Recall petition process begins targeting Austin mayor, 5 council members

A new political action committee, Our Town Austin, has launched the petition process to recall more than half of Austin City Council members.

“Voters from all districts are frustrated by the lack of transparency and honest public engagement between council members and constituents on numerous issues like the homeless crisis, the new land-development code, rising property taxes, massive corporate tax incentives, and declining affordability,” the PAC said in a statement.

The members being targeted for recall are Democratic Austin Mayor Steve Adler and council members Natasha Harper-Madison of District 1, Pio Renteria of District 3, Ann Kitchen of District 5, Paige Ellis of District 8 and Kathie Tovo of District 9.

For a recall to take place, city law requires a valid petition with signatures totaling at least 10 percent of registered voters in the elected official’s jurisdiction. For the mayor, this means 66,000 signatures according to last November’s citywide registered voter numbers. Of the council members, Harper-Madison’s district has the least number of registered voters, ten percent equates to 5,494 signatures from District 1 registered voters.

Urelated to the PAC, a petition was created to also attempt to recall Adler. And #RecallAdler petition signs are posted at many polling stations throughout Austin.

The PAC describes itself as “a grassroots network of individuals who have tired of our Mayor and City Council’s lack of respect for our citizens and our neighborhoods.”

Sharon Blythe, the PAC’s treasurer, told KLBJ Radio, “I have witnessed the city council, over a number of years, not paying attention to the taxpayers of Austin, not having transparency in their decisions, and not listening to the citizens,” she said. “We are a citywide organization that [is] fed up with the city council and the way they are voting.”

If the required number of signatures is collected and the PAC’s petition is certified by the city, the respective officials have five days to resign under the law. If they choose not to, the council is required to order a recall election.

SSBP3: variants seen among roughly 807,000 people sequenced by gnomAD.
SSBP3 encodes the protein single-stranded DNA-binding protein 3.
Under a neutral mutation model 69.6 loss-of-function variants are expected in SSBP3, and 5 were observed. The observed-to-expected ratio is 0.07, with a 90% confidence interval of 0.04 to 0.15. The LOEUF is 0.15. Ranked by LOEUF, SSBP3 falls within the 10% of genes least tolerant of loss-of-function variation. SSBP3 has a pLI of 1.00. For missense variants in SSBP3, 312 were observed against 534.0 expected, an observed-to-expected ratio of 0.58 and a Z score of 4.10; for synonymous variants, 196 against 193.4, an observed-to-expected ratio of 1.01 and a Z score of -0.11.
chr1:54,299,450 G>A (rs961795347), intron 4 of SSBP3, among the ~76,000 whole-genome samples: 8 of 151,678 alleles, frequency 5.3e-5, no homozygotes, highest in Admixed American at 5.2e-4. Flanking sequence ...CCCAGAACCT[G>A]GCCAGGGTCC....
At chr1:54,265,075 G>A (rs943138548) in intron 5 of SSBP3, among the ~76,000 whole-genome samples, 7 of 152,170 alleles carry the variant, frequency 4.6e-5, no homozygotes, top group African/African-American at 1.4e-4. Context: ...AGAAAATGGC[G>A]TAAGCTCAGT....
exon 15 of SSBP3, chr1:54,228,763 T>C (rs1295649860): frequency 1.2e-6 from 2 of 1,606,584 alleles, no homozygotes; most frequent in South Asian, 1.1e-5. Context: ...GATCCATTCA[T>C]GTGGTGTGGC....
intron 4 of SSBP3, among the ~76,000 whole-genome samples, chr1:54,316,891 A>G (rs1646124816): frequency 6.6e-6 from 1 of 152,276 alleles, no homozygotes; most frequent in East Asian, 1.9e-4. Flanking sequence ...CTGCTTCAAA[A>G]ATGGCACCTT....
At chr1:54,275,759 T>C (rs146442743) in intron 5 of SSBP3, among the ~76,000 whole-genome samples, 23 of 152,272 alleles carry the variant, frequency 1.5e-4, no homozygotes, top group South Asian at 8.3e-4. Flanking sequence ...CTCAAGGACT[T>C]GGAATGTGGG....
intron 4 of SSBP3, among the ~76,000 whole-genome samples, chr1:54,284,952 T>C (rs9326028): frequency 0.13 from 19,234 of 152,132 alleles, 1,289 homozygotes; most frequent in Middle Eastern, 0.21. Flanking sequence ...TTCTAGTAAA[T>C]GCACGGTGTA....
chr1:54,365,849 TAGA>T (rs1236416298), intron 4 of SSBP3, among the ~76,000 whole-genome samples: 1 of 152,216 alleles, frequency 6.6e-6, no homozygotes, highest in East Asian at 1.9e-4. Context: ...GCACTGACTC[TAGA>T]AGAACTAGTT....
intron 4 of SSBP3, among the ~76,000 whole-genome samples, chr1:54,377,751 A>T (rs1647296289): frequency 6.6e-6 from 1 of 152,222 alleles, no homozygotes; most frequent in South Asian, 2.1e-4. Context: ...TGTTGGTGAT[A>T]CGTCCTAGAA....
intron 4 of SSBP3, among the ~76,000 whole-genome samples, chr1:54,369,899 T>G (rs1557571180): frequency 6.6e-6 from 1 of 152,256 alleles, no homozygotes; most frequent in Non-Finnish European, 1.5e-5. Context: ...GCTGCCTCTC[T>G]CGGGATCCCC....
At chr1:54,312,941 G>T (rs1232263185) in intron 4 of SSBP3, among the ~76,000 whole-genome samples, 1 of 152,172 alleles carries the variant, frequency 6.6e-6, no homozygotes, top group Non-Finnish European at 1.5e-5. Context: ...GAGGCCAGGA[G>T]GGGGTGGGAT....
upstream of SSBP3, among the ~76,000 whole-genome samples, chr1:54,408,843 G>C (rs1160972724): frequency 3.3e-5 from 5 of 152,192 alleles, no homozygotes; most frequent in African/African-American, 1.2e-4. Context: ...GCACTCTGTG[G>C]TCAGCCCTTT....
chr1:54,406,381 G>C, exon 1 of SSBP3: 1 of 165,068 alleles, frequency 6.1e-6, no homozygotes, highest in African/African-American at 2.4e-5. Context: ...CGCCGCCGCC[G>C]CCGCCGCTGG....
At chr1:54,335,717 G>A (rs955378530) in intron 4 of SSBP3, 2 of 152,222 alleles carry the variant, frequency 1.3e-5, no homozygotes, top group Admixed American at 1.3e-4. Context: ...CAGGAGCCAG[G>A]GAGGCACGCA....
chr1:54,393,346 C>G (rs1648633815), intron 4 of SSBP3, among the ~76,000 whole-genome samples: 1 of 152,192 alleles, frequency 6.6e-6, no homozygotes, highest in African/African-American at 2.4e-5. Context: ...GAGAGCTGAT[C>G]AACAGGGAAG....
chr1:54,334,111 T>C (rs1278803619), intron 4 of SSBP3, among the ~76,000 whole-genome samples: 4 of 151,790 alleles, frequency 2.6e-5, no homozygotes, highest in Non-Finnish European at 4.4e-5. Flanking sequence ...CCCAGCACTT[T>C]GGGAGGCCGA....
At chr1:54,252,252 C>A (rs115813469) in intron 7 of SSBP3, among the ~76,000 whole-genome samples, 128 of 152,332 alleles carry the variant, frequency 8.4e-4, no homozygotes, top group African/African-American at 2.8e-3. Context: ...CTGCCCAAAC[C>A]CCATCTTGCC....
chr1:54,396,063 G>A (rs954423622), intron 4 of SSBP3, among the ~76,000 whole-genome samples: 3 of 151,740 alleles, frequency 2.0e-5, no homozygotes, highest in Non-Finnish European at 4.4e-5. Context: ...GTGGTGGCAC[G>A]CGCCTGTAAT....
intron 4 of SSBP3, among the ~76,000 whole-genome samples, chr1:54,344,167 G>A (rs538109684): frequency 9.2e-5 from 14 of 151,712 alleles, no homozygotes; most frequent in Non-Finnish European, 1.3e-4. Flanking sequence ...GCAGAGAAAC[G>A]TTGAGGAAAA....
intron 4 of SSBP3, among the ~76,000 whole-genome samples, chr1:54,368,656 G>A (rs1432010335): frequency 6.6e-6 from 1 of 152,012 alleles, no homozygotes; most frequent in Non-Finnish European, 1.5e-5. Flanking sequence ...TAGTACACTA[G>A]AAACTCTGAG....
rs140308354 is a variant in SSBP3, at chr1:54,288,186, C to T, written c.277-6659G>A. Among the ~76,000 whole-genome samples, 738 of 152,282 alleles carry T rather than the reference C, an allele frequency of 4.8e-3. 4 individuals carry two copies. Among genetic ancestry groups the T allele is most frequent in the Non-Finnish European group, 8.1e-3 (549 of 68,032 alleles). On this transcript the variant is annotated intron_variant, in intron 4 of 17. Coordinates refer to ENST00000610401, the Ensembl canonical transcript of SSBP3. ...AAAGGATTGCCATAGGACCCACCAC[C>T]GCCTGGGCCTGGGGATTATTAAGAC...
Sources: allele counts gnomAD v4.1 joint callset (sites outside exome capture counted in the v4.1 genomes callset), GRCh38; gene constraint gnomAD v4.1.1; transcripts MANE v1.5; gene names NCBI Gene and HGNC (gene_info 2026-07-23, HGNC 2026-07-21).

The PAC says it is confident it will be able to collect the required number of signatures.

“It’s going to be a big effort, but we feel like we are well going to be able to achieve those goals,” Blythe said. “I think the time has come where people need to stand up and say enough is enough with the city council.”

Blythe told Community Impact Newspaper, “The one that pushed people over the edge the most was the homelessness issue. We just have to do something as citizens to try and pull the city back to normalcy.”

The city council rescinded a ban on homeless encampments in June, leading to widespread criticism from residents, state lawmakers and the University of Texas police chief. Gov. Greg Abbott also ordered a state cleanup of tent sites in the city.

“This is a challenge that is everywhere, we’re just seeing it in Austin, it’s more visible right now,” Adler told Fox News. “And we did that so we could fix it, so we could clean it up, so we could house people. Because ultimately, we need to end [homelessness]. We don’t want people camping anywhere in the city.”

On the recall effort against him, Adler said, “Democracy is vigorous here in Austin. I was just elected in an eight-person race with a 40 percent margin over the person that came in second place. I think this community is united.”

The remaining five members of the council not targeted for recall are up for re-election in 2020. They are Mayor Pro Tem Delia Garza (District 2), Greg Casar (District 4), Jimmy Flannigan (District 6), Leslie Pool (District 7) and Allison Alter (District 10).

This article was first published by The Center Square.



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